Tar Ponds Cleanup Deal May Be Near

Steve MacInnis
Cape Breton Post
Friday, May 7, 2004

SYDNEY - An announcement that Cape Bretoners have waited decades for could come as early as next week in advance of an expected federal election call.

Speculation was rampant Thursday in Sydney, Halifax and Ottawa, that Prime Minister Paul Martin will come to the island Monday or Tuesday to announce the cleanup of the highly toxic Sydney tar ponds. "Let’s just say we have a 100-page deal and we’ve agreed on 99 pages," said MP Mark Eyking, during a telephone interview Thursday from Ottawa.

Eyking, who is among those leading the charge to have the site cleaned up, said money was not the issue but declined to specify the final topic that needed to be settled. "Both sides in these negotiations have worked well together and I would say we can expect something next week," said the Liberal member for Sydney-Victoria. "This is certainly the closest we’ve ever been to signing a deal."

Dan Fraser, the chair of the Joint Action Group, also said a deal was close at hand. "I do expect news next week on a cleanup," said Fraser. JAG, once comprised of representatives from all levels of government and the community, was mandated to assist the public in recommending a cleanup technology. JAG is now an organization of volunteers.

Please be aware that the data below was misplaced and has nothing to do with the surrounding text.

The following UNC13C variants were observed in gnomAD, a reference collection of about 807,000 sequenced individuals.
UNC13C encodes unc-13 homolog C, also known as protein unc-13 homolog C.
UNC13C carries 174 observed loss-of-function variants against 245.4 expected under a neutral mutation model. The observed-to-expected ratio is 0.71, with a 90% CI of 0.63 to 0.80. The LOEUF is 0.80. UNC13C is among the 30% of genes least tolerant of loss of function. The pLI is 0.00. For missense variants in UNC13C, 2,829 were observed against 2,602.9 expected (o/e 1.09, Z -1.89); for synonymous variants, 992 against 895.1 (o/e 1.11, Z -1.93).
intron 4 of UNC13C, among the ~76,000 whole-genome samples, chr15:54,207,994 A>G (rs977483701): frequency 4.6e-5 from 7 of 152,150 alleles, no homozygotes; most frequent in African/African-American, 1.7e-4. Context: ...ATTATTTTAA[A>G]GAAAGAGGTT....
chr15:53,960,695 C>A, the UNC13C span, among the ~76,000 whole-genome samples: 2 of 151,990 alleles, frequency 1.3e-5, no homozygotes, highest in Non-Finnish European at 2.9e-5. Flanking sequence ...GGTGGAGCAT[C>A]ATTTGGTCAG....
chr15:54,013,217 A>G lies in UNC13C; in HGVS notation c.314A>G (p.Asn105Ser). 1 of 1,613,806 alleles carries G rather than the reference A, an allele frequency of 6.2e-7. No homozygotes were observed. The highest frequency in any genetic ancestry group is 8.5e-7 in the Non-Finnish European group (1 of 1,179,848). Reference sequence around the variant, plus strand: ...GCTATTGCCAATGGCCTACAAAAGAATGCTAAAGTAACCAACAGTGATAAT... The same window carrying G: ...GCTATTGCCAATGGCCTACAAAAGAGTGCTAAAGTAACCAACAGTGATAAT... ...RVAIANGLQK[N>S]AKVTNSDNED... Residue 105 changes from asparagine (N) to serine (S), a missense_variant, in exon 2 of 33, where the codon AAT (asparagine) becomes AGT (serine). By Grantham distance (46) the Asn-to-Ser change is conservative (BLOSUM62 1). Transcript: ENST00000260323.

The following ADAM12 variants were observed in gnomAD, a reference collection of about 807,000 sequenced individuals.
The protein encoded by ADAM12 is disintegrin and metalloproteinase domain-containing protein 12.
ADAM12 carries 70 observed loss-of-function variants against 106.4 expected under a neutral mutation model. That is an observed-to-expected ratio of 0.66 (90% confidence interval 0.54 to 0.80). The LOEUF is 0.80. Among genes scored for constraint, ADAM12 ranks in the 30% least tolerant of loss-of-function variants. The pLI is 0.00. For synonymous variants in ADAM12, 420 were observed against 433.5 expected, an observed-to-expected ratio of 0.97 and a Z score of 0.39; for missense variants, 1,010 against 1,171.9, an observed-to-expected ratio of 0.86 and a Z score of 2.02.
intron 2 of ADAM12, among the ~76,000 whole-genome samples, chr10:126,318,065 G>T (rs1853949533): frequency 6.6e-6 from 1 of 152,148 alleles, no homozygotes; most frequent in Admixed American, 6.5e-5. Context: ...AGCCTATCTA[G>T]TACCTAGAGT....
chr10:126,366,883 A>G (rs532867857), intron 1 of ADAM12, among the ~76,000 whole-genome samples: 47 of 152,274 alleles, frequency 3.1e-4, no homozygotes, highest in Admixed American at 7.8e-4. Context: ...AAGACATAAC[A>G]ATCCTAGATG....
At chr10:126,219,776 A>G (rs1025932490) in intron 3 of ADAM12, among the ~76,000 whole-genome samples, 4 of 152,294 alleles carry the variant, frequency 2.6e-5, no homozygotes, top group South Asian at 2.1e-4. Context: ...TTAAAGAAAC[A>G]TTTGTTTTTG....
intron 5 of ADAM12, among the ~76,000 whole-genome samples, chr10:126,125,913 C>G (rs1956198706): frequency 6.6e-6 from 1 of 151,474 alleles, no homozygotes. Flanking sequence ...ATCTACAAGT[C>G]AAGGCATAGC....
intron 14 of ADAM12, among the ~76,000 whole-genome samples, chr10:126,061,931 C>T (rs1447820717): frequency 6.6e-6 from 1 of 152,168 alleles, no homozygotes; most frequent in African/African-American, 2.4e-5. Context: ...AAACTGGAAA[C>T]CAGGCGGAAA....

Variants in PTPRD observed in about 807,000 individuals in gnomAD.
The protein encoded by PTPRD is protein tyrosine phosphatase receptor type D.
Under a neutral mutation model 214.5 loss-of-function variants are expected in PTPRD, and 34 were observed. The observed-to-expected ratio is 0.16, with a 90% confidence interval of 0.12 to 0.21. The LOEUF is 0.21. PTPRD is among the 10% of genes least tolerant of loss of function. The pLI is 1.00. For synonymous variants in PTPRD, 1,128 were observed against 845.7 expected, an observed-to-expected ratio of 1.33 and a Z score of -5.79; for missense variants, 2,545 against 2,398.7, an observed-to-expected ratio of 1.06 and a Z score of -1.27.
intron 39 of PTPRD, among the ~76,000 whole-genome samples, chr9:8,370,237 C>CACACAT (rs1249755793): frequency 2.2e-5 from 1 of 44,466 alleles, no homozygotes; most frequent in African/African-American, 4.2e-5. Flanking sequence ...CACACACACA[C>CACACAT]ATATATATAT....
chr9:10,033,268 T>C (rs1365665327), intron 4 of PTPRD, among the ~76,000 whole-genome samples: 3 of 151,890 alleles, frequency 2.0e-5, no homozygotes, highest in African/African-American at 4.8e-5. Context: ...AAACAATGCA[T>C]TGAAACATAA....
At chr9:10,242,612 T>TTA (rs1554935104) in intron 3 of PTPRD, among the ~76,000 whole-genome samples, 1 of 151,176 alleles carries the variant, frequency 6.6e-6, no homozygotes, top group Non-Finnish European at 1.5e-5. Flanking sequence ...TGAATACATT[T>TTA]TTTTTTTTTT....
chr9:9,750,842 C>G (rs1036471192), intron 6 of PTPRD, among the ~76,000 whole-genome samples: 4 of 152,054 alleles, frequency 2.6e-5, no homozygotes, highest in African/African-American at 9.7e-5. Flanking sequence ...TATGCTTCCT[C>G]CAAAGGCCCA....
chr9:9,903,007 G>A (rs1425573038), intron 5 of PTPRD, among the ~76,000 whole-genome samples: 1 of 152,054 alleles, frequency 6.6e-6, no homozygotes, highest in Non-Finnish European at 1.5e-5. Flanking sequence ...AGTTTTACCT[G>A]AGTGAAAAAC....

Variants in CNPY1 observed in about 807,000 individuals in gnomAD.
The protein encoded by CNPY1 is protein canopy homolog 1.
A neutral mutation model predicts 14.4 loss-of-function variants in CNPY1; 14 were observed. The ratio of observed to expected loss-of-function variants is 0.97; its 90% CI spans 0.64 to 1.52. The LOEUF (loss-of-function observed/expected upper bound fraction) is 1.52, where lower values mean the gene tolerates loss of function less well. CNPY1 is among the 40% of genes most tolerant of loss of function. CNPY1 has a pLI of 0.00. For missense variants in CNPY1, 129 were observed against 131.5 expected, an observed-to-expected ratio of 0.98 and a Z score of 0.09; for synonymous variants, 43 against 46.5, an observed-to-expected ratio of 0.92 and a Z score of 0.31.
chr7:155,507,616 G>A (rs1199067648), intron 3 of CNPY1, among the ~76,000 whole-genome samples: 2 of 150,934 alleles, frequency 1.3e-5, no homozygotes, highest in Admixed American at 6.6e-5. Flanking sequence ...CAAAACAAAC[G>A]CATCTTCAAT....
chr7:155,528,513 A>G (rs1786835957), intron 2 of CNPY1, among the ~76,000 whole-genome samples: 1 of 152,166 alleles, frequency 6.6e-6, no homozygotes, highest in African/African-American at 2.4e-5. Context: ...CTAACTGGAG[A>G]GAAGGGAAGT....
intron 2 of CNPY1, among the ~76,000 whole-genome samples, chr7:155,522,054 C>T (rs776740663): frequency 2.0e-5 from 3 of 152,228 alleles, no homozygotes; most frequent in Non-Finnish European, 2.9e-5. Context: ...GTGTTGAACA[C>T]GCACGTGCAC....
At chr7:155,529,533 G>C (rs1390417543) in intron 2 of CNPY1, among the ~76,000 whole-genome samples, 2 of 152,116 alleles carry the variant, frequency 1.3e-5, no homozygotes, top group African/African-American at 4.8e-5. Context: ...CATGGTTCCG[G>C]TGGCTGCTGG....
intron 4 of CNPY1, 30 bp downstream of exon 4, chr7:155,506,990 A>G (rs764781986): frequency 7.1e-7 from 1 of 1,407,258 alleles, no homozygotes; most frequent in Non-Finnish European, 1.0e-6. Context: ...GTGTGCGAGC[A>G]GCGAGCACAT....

Earlier this week, federal and provincial bureaucrats met in Halifax to discuss the funding arrangement for the project which is expected to cost at least $400 million. "The funding arrangement is a far more important deal and it appears they have reached an agreement," said MLA Manning MacDonald, Liberal member for Cape Breton South, which includes a portion of the toxic site.

At the outset of the funding discussions, the province wanted to pay 30 per cent of the costs while the feds were aiming for a 50/50 split. MacDonald and Fraser both said Thursday they’ve heard nothing in terms of the technology that will be used to clean the site. Through its community consultative process, JAG presented 10 options for consideration ranging from encapsulation to burning to thermal desorption.

There is speculation that a final remediation option may use a combination of technologies. "This is one event that I certainly want to be there for," said MacDonald, adding a lot of people poured a lot of work into this project.